The Three Signs of a Miserable Job


In the book “The Three Signs of a Miserable Job”  Patrick Lencioni outlines that many working people are in a miserable job. In this post I want to share the basic idea behind his book.

The cost of people not liking their job is staggering. Productivity collapses greatly when employees are unfulfilled. It does not end at work. There is also a great social cost. Even emotionally mature employees share their work misery, frustration, cynicism, weariness into the lives of others. It becomes impossible to appreciate the joy of life. The emotional and psychological damage can be profound and irreversible.

The following three factors will make any job miserable. They seem obvious and maybe even easy to resolve. However, they remain unaddressed in most organizations.

  1. Anonymity – People need to experience that they are known for their work. We need to feel understood and appreciated for our qualities by someone in an authority position. When we don’t feel heard or think we are invisible, generic or anonymous within the company we will not love our job.
  2. Irrelevance – We need to know that our work matters to someone. When we cannot make a connection between what we do and someone else’s satisfaction we simply won’t find lasting fulfillment in our job.Someone needs to appreciate it and we need to know about it.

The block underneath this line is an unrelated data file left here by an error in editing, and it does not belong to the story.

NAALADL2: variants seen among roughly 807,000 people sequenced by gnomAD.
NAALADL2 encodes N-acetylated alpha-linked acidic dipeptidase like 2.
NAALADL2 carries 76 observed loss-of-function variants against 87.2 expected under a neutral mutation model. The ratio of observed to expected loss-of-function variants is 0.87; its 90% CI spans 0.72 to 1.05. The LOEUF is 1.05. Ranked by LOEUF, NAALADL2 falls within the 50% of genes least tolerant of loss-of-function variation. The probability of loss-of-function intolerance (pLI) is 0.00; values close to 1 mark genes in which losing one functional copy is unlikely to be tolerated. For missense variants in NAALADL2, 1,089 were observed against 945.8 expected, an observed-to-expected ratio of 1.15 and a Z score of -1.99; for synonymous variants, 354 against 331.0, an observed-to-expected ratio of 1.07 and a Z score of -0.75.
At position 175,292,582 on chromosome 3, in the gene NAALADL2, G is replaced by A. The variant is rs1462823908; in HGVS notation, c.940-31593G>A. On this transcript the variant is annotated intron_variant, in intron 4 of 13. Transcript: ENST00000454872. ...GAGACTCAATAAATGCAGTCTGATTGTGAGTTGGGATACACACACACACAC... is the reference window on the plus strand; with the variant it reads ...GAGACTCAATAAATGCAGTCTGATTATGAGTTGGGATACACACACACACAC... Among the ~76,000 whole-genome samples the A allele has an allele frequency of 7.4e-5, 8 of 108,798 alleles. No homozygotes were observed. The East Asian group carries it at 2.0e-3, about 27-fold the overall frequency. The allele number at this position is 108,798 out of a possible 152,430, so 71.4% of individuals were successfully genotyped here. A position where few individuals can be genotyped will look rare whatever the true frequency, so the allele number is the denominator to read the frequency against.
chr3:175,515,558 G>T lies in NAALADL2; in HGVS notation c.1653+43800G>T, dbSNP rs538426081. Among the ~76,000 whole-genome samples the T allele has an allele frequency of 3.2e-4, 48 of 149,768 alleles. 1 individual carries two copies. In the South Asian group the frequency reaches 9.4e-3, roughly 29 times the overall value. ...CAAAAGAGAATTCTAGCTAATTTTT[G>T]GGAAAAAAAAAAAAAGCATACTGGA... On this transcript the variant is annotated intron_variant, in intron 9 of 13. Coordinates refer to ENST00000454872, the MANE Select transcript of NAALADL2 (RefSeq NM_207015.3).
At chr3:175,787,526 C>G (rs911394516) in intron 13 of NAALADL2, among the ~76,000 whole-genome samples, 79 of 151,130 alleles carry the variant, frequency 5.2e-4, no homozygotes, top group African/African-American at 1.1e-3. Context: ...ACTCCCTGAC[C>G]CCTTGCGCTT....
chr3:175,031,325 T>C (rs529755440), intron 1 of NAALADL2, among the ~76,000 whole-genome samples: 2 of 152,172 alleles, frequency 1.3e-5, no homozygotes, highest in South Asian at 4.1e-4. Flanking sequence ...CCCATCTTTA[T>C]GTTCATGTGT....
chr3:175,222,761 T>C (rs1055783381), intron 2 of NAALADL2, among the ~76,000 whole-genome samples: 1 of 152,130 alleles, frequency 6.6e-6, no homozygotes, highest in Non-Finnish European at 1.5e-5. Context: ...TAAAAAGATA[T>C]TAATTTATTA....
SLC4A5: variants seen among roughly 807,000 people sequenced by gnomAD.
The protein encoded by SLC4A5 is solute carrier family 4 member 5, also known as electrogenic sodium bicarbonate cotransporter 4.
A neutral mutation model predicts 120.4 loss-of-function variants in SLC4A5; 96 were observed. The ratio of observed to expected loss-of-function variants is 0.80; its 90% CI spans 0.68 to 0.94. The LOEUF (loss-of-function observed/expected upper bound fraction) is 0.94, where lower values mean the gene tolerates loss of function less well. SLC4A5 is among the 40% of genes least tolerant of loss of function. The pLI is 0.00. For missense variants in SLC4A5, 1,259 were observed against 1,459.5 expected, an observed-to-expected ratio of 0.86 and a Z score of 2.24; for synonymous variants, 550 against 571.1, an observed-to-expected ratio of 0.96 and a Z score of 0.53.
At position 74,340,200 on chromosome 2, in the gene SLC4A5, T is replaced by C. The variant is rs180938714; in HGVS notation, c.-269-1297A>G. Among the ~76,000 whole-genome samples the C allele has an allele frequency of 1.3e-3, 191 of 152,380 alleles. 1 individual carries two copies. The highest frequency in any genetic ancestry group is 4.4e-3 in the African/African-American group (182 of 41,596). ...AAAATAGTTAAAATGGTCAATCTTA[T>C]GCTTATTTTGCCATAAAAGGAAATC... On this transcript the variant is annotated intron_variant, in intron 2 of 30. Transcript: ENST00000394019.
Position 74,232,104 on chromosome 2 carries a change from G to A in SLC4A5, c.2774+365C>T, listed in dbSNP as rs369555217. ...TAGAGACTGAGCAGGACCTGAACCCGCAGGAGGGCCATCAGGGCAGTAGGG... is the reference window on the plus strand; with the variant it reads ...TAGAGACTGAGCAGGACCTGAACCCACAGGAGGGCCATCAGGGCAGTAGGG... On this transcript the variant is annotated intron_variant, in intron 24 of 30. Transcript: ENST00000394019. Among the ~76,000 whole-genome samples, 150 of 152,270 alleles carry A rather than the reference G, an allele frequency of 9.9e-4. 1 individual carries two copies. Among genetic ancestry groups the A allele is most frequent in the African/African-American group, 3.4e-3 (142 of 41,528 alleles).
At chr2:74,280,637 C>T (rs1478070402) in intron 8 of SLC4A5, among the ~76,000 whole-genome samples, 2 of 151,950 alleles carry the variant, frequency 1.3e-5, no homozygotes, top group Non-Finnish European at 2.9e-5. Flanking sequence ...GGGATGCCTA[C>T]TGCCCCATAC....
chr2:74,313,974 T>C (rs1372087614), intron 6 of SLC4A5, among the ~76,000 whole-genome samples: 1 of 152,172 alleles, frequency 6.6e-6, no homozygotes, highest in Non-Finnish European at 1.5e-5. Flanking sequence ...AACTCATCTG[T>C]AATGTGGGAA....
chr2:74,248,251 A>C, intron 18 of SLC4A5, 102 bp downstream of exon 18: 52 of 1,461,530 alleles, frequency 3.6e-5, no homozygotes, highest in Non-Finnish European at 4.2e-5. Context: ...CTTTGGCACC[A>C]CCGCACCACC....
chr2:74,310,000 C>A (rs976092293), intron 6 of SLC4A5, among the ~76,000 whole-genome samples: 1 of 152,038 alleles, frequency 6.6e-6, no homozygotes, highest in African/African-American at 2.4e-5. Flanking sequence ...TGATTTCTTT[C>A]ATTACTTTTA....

3. Immeasurement – It is important that we can gauge our personal progress and contribution. We cannot be fulfilled when our succes depends on the opinions or whims of another person. Our motivation heavily depends on our ability to self assess success or failure. When we perceive that we cannot control our own fate our motivation quickly deteriorates.

Patrick tells us that we will feel miserable with even one of these factors present. What I read is that we our job needs to be meaningful to us and that we need a way to know how we are doing. How about you? Are you in a miserable job? How can we take ownership of these three factors?